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Naturalization in the Wake of Anti-Immigrant Legislation: Dominicans in New York City

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Abstract:

In the 1990s, applications for U.S. citizenship skyrocketed. For the previous several decades, about 200,000 immigrants sought naturalization each year. That number has more than doubled in recent years; in 1997 alone, more than 1.6 million naturalization applications were filed.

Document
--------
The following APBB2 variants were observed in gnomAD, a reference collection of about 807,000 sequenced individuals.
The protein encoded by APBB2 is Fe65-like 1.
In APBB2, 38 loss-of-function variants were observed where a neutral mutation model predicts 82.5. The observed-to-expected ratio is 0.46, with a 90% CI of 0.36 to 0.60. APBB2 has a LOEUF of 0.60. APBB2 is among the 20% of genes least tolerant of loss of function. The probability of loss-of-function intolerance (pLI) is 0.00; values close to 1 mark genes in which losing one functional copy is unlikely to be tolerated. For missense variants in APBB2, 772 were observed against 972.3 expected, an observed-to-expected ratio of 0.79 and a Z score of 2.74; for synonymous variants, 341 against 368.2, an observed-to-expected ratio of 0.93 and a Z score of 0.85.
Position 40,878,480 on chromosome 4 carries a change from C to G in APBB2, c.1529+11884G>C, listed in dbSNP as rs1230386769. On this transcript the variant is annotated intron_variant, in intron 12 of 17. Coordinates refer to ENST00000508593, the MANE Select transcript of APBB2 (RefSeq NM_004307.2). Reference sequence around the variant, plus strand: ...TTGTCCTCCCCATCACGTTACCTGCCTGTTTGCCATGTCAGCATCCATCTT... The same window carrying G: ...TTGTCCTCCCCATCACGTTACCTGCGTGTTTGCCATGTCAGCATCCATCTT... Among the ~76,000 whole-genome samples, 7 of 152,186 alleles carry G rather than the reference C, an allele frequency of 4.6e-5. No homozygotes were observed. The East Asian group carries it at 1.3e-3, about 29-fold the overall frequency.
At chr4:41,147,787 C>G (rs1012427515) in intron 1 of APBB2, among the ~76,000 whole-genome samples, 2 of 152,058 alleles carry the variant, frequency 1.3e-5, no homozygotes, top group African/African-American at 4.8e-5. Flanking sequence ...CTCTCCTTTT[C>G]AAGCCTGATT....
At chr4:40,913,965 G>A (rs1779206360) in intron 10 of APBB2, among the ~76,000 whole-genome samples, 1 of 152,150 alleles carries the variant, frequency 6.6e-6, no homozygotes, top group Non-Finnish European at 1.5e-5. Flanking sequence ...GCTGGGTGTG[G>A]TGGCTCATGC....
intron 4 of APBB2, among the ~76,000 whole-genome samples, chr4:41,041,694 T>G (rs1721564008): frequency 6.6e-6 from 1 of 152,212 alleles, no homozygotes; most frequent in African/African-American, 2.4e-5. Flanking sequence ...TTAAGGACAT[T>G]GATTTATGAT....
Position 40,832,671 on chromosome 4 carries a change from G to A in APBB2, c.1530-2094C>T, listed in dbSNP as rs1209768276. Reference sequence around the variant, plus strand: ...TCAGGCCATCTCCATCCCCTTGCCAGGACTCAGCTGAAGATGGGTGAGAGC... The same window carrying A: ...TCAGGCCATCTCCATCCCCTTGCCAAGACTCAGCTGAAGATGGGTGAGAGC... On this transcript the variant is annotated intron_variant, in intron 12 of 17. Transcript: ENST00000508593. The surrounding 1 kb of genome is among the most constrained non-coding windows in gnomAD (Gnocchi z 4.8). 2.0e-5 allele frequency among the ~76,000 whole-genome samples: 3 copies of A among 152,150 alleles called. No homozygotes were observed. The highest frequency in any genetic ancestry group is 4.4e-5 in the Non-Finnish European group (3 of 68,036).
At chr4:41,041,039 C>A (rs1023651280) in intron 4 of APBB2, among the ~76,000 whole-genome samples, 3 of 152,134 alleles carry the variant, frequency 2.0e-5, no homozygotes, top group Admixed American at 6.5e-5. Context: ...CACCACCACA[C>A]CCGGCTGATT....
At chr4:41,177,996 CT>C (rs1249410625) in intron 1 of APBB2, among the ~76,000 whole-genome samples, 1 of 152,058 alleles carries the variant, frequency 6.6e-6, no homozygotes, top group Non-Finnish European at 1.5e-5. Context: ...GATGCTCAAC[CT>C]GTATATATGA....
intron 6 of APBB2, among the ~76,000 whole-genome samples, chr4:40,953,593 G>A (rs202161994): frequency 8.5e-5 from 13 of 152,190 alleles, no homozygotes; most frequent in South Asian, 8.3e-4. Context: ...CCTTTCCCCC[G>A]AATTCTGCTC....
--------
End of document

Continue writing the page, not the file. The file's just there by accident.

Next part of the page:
Several factors appear to account for the dramatic rise in applications. The more than three million immigrants who received legal status under the amnesty programs of the 1986 Immigration Reform and Control Act became eligible for U.S. citizenship in the mid-1990s. Furthermore, changes in federal law-terminating social benefits to immigrants, expanding deportation grounds, and restricting judicial review-rendered the status of immigrant less secure. Add to this a general anti-immigrant animus, as evidenced by passage in California of Proposition 187, and one can understand why some immigrants might seek the security of U.S. citizenship.